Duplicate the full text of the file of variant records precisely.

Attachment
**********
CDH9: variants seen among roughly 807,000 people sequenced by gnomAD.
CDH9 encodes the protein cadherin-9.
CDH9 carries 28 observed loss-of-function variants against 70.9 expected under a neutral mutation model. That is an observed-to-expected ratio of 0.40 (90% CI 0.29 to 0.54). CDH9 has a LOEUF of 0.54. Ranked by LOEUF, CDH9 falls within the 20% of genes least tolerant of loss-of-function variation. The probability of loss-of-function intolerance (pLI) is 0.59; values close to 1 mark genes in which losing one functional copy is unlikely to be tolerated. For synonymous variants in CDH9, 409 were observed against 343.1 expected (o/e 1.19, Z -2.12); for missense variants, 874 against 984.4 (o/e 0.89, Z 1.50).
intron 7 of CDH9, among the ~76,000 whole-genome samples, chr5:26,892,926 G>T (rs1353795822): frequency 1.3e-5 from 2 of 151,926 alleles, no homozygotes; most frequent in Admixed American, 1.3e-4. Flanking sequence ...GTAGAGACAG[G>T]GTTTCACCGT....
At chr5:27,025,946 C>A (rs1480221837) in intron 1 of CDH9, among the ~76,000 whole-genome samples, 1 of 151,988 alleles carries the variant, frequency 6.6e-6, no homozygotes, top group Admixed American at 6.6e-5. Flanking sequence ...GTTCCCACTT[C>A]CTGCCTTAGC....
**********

CDH9: variants seen among roughly 807,000 people sequenced by gnomAD.
CDH9 encodes the protein cadherin-9.
CDH9 carries 28 observed loss-of-function variants against 70.9 expected under a neutral mutation model. That is an observed-to-expected ratio of 0.40 (90% CI 0.29 to 0.54). CDH9 has a LOEUF of 0.54. Ranked by LOEUF, CDH9 falls within the 20% of genes least tolerant of loss-of-function variation. The probability of loss-of-function intolerance (pLI) is 0.59; values close to 1 mark genes in which losing one functional copy is unlikely to be tolerated. For synonymous variants in CDH9, 409 were observed against 343.1 expected (o/e 1.19, Z -2.12); for missense variants, 874 against 984.4 (o/e 0.89, Z 1.50).
intron 7 of CDH9, among the ~76,000 whole-genome samples, chr5:26,892,926 G>T (rs1353795822): frequency 1.3e-5 from 2 of 151,926 alleles, no homozygotes; most frequent in Admixed American, 1.3e-4. Flanking sequence ...GTAGAGACAG[G>T]GTTTCACCGT....
At chr5:27,025,946 C>A (rs1480221837) in intron 1 of CDH9, among the ~76,000 whole-genome samples, 1 of 151,988 alleles carries the variant, frequency 6.6e-6, no homozygotes, top group Admixed American at 6.6e-5. Flanking sequence ...GTTCCCACTT[C>A]CTGCCTTAGC....